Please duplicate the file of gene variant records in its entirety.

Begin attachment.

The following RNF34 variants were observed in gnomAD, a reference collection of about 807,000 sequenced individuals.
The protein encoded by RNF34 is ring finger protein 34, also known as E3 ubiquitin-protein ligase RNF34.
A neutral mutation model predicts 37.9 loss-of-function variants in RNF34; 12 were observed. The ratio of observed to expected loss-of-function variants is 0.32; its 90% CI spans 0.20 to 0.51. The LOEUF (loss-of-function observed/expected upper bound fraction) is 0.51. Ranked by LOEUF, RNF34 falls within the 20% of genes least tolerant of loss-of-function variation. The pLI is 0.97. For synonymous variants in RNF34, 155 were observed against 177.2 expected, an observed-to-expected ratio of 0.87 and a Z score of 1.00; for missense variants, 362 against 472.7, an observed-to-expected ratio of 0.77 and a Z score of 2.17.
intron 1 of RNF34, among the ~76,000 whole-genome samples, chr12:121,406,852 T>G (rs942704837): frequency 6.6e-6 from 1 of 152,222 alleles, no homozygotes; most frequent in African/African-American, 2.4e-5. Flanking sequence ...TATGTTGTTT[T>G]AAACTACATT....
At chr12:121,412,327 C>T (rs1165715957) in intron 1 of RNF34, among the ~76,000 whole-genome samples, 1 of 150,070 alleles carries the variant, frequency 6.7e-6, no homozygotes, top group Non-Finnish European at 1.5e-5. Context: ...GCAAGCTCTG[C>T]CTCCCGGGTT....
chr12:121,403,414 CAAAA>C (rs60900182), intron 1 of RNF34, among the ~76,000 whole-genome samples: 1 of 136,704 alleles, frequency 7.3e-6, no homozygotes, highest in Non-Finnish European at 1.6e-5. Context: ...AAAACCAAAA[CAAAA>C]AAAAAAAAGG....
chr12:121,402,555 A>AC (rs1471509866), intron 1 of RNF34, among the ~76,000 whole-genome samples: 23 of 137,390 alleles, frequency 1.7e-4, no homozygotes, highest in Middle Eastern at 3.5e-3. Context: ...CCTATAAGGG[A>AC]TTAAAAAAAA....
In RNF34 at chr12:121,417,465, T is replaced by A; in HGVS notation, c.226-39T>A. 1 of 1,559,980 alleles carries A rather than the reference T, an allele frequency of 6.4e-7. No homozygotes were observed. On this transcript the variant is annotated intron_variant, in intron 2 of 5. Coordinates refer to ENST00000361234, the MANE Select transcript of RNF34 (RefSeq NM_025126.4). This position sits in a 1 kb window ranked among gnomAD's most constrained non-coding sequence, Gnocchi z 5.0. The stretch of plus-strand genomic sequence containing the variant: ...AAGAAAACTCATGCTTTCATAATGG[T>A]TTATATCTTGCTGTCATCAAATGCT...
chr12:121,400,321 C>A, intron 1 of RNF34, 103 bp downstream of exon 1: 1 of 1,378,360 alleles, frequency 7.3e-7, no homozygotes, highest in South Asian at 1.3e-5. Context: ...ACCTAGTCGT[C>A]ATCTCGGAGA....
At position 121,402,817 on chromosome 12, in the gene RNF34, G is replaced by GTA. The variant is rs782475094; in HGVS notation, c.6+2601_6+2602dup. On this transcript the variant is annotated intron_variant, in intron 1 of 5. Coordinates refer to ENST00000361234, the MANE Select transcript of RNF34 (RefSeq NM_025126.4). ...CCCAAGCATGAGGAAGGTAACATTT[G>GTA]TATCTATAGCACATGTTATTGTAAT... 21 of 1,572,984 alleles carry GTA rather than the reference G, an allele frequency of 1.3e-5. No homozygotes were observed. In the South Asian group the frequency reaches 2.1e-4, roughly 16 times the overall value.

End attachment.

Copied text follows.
The following RNF34 variants were observed in gnomAD, a reference collection of about 807,000 sequenced individuals.
The protein encoded by RNF34 is ring finger protein 34, also known as E3 ubiquitin-protein ligase RNF34.
A neutral mutation model predicts 37.9 loss-of-function variants in RNF34; 12 were observed. The ratio of observed to expected loss-of-function variants is 0.32; its 90% CI spans 0.20 to 0.51. The LOEUF (loss-of-function observed/expected upper bound fraction) is 0.51. Ranked by LOEUF, RNF34 falls within the 20% of genes least tolerant of loss-of-function variation. The pLI is 0.97. For synonymous variants in RNF34, 155 were observed against 177.2 expected, an observed-to-expected ratio of 0.87 and a Z score of 1.00; for missense variants, 362 against 472.7, an observed-to-expected ratio of 0.77 and a Z score of 2.17.
intron 1 of RNF34, among the ~76,000 whole-genome samples, chr12:121,406,852 T>G (rs942704837): frequency 6.6e-6 from 1 of 152,222 alleles, no homozygotes; most frequent in African/African-American, 2.4e-5. Flanking sequence ...TATGTTGTTT[T>G]AAACTACATT....
At chr12:121,412,327 C>T (rs1165715957) in intron 1 of RNF34, among the ~76,000 whole-genome samples, 1 of 150,070 alleles carries the variant, frequency 6.7e-6, no homozygotes, top group Non-Finnish European at 1.5e-5. Context: ...GCAAGCTCTG[C>T]CTCCCGGGTT....
chr12:121,403,414 CAAAA>C (rs60900182), intron 1 of RNF34, among the ~76,000 whole-genome samples: 1 of 136,704 alleles, frequency 7.3e-6, no homozygotes, highest in Non-Finnish European at 1.6e-5. Context: ...AAAACCAAAA[CAAAA>C]AAAAAAAAGG....
chr12:121,402,555 A>AC (rs1471509866), intron 1 of RNF34, among the ~76,000 whole-genome samples: 23 of 137,390 alleles, frequency 1.7e-4, no homozygotes, highest in Middle Eastern at 3.5e-3. Context: ...CCTATAAGGG[A>AC]TTAAAAAAAA....
In RNF34 at chr12:121,417,465, T is replaced by A; in HGVS notation, c.226-39T>A. 1 of 1,559,980 alleles carries A rather than the reference T, an allele frequency of 6.4e-7. No homozygotes were observed. On this transcript the variant is annotated intron_variant, in intron 2 of 5. Coordinates refer to ENST00000361234, the MANE Select transcript of RNF34 (RefSeq NM_025126.4). This position sits in a 1 kb window ranked among gnomAD's most constrained non-coding sequence, Gnocchi z 5.0. The stretch of plus-strand genomic sequence containing the variant: ...AAGAAAACTCATGCTTTCATAATGG[T>A]TTATATCTTGCTGTCATCAAATGCT...
chr12:121,400,321 C>A, intron 1 of RNF34, 103 bp downstream of exon 1: 1 of 1,378,360 alleles, frequency 7.3e-7, no homozygotes, highest in South Asian at 1.3e-5. Context: ...ACCTAGTCGT[C>A]ATCTCGGAGA....
At position 121,402,817 on chromosome 12, in the gene RNF34, G is replaced by GTA. The variant is rs782475094; in HGVS notation, c.6+2601_6+2602dup. On this transcript the variant is annotated intron_variant, in intron 1 of 5. Coordinates refer to ENST00000361234, the MANE Select transcript of RNF34 (RefSeq NM_025126.4). ...CCCAAGCATGAGGAAGGTAACATTT[G>GTA]TATCTATAGCACATGTTATTGTAAT... 21 of 1,572,984 alleles carry GTA rather than the reference G, an allele frequency of 1.3e-5. No homozygotes were observed. In the South Asian group the frequency reaches 2.1e-4, roughly 16 times the overall value.